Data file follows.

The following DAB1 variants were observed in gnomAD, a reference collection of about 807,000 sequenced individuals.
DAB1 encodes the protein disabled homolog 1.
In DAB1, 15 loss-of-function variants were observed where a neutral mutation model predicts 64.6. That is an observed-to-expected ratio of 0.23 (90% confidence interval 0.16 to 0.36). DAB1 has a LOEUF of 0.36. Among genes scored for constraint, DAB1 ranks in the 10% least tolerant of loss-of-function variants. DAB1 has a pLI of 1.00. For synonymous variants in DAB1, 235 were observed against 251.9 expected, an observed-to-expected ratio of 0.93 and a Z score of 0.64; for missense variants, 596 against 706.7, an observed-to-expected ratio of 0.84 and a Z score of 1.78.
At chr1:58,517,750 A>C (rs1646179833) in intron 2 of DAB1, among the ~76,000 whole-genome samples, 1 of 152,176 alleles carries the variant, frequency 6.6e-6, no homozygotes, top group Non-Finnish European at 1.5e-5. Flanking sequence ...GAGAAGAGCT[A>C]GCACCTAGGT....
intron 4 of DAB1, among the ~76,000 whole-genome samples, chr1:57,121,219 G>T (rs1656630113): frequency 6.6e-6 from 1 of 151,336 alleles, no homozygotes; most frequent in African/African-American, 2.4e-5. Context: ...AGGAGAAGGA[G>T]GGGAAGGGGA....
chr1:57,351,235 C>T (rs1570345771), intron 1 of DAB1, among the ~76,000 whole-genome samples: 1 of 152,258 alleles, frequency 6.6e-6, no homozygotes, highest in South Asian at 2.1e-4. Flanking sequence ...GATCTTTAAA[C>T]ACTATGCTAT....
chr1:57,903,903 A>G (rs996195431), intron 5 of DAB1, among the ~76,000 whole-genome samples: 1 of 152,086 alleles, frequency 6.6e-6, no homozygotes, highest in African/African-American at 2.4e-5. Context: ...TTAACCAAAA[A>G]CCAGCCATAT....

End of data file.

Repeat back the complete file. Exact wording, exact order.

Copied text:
The following DAB1 variants were observed in gnomAD, a reference collection of about 807,000 sequenced individuals.
DAB1 encodes the protein disabled homolog 1.
In DAB1, 15 loss-of-function variants were observed where a neutral mutation model predicts 64.6. That is an observed-to-expected ratio of 0.23 (90% confidence interval 0.16 to 0.36). DAB1 has a LOEUF of 0.36. Among genes scored for constraint, DAB1 ranks in the 10% least tolerant of loss-of-function variants. DAB1 has a pLI of 1.00. For synonymous variants in DAB1, 235 were observed against 251.9 expected, an observed-to-expected ratio of 0.93 and a Z score of 0.64; for missense variants, 596 against 706.7, an observed-to-expected ratio of 0.84 and a Z score of 1.78.
At chr1:58,517,750 A>C (rs1646179833) in intron 2 of DAB1, among the ~76,000 whole-genome samples, 1 of 152,176 alleles carries the variant, frequency 6.6e-6, no homozygotes, top group Non-Finnish European at 1.5e-5. Flanking sequence ...GAGAAGAGCT[A>C]GCACCTAGGT....
intron 4 of DAB1, among the ~76,000 whole-genome samples, chr1:57,121,219 G>T (rs1656630113): frequency 6.6e-6 from 1 of 151,336 alleles, no homozygotes; most frequent in African/African-American, 2.4e-5. Context: ...AGGAGAAGGA[G>T]GGGAAGGGGA....
chr1:57,351,235 C>T (rs1570345771), intron 1 of DAB1, among the ~76,000 whole-genome samples: 1 of 152,258 alleles, frequency 6.6e-6, no homozygotes, highest in South Asian at 2.1e-4. Flanking sequence ...GATCTTTAAA[C>T]ACTATGCTAT....
chr1:57,903,903 A>G (rs996195431), intron 5 of DAB1, among the ~76,000 whole-genome samples: 1 of 152,086 alleles, frequency 6.6e-6, no homozygotes, highest in African/African-American at 2.4e-5. Context: ...TTAACCAAAA[A>G]CCAGCCATAT....